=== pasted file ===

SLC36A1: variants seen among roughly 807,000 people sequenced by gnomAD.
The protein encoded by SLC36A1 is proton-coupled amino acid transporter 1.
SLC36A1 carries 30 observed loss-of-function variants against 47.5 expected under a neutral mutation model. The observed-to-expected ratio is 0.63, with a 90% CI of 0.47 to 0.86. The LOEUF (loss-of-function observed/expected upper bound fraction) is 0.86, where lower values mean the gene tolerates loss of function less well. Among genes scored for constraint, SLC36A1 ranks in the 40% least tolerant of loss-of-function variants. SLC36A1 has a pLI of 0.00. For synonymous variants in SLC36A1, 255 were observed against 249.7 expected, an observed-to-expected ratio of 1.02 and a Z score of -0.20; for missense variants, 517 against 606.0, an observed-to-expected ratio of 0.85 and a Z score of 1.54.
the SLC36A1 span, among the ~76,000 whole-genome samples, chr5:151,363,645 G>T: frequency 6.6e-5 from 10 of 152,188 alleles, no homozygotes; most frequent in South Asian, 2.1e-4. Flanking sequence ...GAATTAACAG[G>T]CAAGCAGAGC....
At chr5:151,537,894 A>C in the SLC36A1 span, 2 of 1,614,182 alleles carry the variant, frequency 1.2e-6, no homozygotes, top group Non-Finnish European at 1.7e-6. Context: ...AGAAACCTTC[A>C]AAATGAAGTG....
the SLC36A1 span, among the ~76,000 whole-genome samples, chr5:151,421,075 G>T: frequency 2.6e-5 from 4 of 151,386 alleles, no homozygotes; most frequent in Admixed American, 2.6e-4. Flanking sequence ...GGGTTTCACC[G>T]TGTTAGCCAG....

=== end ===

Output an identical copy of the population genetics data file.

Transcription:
SLC36A1: variants seen among roughly 807,000 people sequenced by gnomAD.
The protein encoded by SLC36A1 is proton-coupled amino acid transporter 1.
SLC36A1 carries 30 observed loss-of-function variants against 47.5 expected under a neutral mutation model. The observed-to-expected ratio is 0.63, with a 90% CI of 0.47 to 0.86. The LOEUF (loss-of-function observed/expected upper bound fraction) is 0.86, where lower values mean the gene tolerates loss of function less well. Among genes scored for constraint, SLC36A1 ranks in the 40% least tolerant of loss-of-function variants. SLC36A1 has a pLI of 0.00. For synonymous variants in SLC36A1, 255 were observed against 249.7 expected, an observed-to-expected ratio of 1.02 and a Z score of -0.20; for missense variants, 517 against 606.0, an observed-to-expected ratio of 0.85 and a Z score of 1.54.
the SLC36A1 span, among the ~76,000 whole-genome samples, chr5:151,363,645 G>T: frequency 6.6e-5 from 10 of 152,188 alleles, no homozygotes; most frequent in South Asian, 2.1e-4. Flanking sequence ...GAATTAACAG[G>T]CAAGCAGAGC....
At chr5:151,537,894 A>C in the SLC36A1 span, 2 of 1,614,182 alleles carry the variant, frequency 1.2e-6, no homozygotes, top group Non-Finnish European at 1.7e-6. Context: ...AGAAACCTTC[A>C]AAATGAAGTG....
the SLC36A1 span, among the ~76,000 whole-genome samples, chr5:151,421,075 G>T: frequency 2.6e-5 from 4 of 151,386 alleles, no homozygotes; most frequent in Admixed American, 2.6e-4. Flanking sequence ...GGGTTTCACC[G>T]TGTTAGCCAG....